It's a damned shame that we've gradually lost the legal protections of common-law marriage, and I often struggle with cultural traditionalists who misunderstand the history and think that common law marriage is some new fad, when in fact it was the predominant form of marriage under Catholic canon law. On this board and in other places, I've often cite "Measure for Measure" and other plays to show that Shakespeare was lamenting the gradual erosion and lack of respect towards handfast marriages. Redefining that word makes it harder to explain the history. Given their track record with the "witches" term I'm betting that the "witchies" (a term I learned from an older, more serious and mature Wiccan woman that she uses to refer to the younger faddish twerps that in her mind abuse her faith for shock effect) will now pass around the misinformation that the year and a day stuff was always called handfast marriage. Just like TPG did above. Bogs down the conversation, buries history under another layer of BS, and makes everyone a little more stupid.
I had no idea about common-law marriage being such a longstanding institution until I read this thread, really. And I completely understand your point about redefinitions bogging down discussions. I guess I really wonder, though, how uncommon a word has to be before someone can legitimately redefine or otherwise resurrect it.

quote:
I'm sorry if that came off as a slur. At one time, the Christian church was a fad. Doesn't mean that the participants don't take it seriously. It simply means that time will tell whether it endures. If I'm mistaken and this year and a day thing has endured for generations down to those who practice it today, then why are they coopting the word 'handfast'? rather than using the traditional name for the practice?
Ah, ok, another misunderstanding on my part. I actually have no idea how old the practice is; despite what a number of Wiccans say, the religion is new - which, actually, would explain the coopting of the word "handfast". Even if the practice is one they're borrowing from elsewhere, they may want a term that fits the language or culture they're presently involved in better.

quote:
If I've spoken ignorantly, please correct my ignorance. If it sounds like I'm prejudiced, well, I am; I may be making unfair assumptions based on previous experiences where self-proclaimed capital P Pagan Wiccans redefined words and then used equivocation (whether conscious or not, I'm not sure) to rewrite history to put themselves at its center. But I'm capable of seeing past my prejudice. I don't regard Wiccanism as without value; I find the threefold law very interesting, and like the way that they bring modern insights into ancient forms. For some reason, they seem to respect the history of the forms. I just wish they'd show the same respect towards the history of words.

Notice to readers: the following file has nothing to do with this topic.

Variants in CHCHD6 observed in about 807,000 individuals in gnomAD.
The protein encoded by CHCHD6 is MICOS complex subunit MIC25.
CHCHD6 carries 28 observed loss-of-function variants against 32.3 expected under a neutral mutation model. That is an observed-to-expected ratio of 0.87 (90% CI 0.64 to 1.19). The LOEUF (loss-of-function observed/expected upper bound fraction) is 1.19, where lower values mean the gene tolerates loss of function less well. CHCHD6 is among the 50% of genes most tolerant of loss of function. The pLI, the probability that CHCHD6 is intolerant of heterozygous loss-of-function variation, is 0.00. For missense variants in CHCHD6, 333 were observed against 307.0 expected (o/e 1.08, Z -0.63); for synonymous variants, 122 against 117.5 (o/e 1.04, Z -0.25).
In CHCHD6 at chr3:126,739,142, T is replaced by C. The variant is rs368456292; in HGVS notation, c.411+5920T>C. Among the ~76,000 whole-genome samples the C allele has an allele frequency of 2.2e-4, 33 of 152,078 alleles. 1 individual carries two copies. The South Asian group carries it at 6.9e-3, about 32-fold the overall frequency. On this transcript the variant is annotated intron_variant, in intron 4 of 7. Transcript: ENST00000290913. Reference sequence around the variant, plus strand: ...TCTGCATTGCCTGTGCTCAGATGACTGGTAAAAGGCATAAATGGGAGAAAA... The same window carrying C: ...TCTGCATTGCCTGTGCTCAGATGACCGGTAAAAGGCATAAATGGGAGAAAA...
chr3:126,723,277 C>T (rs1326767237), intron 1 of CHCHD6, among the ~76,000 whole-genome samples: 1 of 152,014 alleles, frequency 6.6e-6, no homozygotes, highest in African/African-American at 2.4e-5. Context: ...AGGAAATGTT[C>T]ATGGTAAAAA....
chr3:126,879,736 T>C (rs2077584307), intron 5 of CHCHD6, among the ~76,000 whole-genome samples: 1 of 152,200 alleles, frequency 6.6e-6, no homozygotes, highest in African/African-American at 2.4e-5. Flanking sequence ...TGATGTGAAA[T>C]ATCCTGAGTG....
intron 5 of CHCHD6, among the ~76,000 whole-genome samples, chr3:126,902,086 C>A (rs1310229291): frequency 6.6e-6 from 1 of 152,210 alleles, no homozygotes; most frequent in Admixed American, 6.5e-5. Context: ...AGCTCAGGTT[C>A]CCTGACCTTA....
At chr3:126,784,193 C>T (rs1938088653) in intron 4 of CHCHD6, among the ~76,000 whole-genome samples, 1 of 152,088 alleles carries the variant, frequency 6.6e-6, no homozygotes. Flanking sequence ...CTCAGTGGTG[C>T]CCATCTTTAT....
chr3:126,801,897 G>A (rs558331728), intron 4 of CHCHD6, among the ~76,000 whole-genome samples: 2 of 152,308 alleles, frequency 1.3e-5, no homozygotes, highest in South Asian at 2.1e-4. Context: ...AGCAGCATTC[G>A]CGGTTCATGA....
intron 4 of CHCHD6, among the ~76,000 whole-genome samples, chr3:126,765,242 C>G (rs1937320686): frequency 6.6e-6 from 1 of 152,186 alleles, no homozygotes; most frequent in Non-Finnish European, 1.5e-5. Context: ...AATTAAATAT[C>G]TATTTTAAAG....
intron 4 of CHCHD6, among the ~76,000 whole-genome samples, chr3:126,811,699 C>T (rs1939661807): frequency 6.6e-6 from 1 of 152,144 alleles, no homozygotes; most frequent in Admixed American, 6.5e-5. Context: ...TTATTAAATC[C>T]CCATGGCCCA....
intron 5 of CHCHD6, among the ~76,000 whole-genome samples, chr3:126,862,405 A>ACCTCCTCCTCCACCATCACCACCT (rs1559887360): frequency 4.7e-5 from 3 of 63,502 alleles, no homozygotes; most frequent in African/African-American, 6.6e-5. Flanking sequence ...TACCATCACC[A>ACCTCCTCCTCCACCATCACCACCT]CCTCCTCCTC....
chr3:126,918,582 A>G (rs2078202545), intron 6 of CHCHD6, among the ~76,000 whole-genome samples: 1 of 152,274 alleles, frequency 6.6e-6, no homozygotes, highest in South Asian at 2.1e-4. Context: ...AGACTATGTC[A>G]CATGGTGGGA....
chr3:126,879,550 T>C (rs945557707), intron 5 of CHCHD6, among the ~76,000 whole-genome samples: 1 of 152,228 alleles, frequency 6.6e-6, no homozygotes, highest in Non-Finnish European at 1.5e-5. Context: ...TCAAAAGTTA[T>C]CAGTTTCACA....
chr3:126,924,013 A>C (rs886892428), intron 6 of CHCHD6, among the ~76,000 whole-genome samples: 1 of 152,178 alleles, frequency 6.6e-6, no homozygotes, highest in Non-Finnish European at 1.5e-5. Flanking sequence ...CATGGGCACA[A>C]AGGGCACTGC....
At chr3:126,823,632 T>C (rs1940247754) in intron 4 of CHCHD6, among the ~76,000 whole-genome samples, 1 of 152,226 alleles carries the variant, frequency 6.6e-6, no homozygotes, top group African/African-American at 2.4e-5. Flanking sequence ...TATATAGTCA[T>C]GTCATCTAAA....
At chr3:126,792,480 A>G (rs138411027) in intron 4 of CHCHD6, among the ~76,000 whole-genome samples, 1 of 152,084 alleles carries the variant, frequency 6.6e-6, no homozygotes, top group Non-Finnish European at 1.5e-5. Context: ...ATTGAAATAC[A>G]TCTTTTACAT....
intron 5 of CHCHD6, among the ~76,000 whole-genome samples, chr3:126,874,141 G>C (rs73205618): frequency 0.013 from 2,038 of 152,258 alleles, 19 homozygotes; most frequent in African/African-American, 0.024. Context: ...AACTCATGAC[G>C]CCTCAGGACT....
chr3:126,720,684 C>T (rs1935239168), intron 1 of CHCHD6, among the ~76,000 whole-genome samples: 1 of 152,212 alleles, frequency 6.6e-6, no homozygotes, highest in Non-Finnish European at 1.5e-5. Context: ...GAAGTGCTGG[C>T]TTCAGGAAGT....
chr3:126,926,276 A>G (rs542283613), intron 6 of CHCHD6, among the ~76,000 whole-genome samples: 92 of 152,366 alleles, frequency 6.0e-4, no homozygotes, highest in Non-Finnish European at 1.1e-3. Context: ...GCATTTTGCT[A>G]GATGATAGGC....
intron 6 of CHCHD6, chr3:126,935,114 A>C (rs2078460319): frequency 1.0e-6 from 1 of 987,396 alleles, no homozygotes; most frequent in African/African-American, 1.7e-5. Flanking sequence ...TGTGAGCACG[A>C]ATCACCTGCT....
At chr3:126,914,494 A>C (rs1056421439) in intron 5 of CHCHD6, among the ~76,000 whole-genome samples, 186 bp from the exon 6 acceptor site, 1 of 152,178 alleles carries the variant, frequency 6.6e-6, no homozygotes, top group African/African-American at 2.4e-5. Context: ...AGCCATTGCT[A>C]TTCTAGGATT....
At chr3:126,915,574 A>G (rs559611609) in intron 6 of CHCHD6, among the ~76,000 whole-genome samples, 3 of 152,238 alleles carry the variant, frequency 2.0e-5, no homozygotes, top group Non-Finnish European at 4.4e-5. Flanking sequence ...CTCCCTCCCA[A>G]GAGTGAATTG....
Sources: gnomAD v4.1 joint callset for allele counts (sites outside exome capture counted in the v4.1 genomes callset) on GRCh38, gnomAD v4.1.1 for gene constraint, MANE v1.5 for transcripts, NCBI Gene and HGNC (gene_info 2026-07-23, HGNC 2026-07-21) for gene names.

1. I was, actually, replying more out of my own word-geekiness than anything else.

2. The "let's rewrite history!" Wiccans (and other pagans) annoy the hell out of me - and their more serious brothers and sisters. A couple of years ago (I think) a whole host of genuinely serious Wiccan websites began springing up debunking all the false history crap the history-ignoring Wiccans had thrown about for years. There's even a term in the Wiccan community for them - "fluffy bunnies", also known as those "Wiccans" who can't walk due to all the pentacles they're wearing, hold vigils for all the witches burned during the Inquisition, and go on the local news at Halloween decrying the stereotype of the evil witch.

Whoa. That was longer than I intended it to be, sorry.

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Lady Starkiller
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I should add, on the last part, that there are a number of Wiccan sites and Wiccan groups that are very conscientious about promoting genuine historical knowledge and accuracy among their membership, usually by simple correction, but I've seen more than one hostile Wiccan ranter get slammed by a fellow Wiccan.

Somewhere on my computer, lost amid my other links, is a link to an information page on statistics on the Inquisition, how many "real witches" might possibly have died (erm...0), how many people were really burned (very few), and so on ... written by a Wiccan for Wiccans, because he was pissed off at the exact same thing that irritates you (and me): the mucking about with historical fact that occurs in the more egotistical groups.

...Okay, that's enough of a tangent. [Razz]

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Pete at Home
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quote: